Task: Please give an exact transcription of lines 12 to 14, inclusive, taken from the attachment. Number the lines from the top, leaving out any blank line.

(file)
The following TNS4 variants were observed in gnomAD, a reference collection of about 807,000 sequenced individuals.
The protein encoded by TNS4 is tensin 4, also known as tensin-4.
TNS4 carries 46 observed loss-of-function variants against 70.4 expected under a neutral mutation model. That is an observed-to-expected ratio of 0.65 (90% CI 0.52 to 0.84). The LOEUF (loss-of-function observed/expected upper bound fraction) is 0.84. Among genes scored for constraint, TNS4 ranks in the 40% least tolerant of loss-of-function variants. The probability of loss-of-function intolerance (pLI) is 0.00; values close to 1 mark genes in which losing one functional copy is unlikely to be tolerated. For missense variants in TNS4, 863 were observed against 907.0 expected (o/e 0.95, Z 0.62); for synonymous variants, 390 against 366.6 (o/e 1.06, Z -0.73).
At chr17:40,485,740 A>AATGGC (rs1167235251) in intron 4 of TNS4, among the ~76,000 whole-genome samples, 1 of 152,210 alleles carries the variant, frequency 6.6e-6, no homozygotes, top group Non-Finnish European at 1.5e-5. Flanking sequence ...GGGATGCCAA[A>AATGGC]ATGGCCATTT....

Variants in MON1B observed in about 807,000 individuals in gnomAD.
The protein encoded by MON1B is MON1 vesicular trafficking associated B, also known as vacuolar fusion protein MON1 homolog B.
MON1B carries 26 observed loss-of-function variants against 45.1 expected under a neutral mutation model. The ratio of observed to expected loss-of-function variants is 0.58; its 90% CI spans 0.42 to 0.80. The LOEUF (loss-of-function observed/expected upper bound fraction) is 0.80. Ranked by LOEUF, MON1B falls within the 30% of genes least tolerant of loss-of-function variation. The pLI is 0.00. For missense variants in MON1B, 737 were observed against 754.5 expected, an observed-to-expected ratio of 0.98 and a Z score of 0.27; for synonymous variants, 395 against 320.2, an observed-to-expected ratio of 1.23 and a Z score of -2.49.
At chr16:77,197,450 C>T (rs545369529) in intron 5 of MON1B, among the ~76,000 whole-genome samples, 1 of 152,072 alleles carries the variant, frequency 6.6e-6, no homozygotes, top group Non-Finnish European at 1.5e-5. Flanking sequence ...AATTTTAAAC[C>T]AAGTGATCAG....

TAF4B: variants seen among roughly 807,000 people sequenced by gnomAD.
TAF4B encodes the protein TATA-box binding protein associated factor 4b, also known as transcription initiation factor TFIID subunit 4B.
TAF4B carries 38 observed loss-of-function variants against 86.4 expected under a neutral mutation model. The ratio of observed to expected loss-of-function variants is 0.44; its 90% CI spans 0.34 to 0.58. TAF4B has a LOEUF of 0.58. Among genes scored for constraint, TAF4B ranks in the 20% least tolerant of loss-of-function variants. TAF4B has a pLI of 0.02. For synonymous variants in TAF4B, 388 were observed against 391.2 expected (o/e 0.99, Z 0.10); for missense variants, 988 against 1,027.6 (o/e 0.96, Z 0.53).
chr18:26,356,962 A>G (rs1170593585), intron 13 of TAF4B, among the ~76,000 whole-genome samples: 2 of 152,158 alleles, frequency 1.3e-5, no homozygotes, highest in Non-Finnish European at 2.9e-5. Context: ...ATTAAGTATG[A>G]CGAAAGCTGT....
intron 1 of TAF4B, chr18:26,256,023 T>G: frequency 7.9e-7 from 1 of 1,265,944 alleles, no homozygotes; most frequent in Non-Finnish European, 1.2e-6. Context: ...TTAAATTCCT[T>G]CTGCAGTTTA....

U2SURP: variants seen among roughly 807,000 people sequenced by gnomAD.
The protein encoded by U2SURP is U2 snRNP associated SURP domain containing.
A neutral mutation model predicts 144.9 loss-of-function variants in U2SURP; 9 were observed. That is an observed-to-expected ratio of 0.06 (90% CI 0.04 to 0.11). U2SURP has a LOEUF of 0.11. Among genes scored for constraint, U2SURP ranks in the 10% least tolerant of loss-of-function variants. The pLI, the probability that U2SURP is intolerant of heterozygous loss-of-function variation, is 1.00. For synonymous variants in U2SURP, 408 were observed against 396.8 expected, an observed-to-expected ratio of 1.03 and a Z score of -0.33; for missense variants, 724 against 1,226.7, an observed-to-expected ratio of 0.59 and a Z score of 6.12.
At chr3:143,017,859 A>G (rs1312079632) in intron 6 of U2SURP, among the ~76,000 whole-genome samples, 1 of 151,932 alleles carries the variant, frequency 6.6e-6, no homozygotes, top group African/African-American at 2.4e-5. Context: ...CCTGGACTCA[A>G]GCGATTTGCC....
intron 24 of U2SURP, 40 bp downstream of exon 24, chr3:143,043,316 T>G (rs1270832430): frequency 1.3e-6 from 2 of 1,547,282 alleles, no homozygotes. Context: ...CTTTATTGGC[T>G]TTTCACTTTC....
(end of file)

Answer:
chr18:26,356,962 A>G (rs1170593585), intron 13 of TAF4B, among the ~76,000 whole-genome samples: 2 of 152,158 alleles, frequency 1.3e-5, no homozygotes, highest in Non-Finnish European at 2.9e-5. Context: ...ATTAAGTATG[A>G]CGAAAGCTGT....
intron 1 of TAF4B, chr18:26,256,023 T>G: frequency 7.9e-7 from 1 of 1,265,944 alleles, no homozygotes; most frequent in Non-Finnish European, 1.2e-6. Context: ...TTAAATTCCT[T>G]CTGCAGTTTA....

U2SURP: variants seen among roughly 807,000 people sequenced by gnomAD.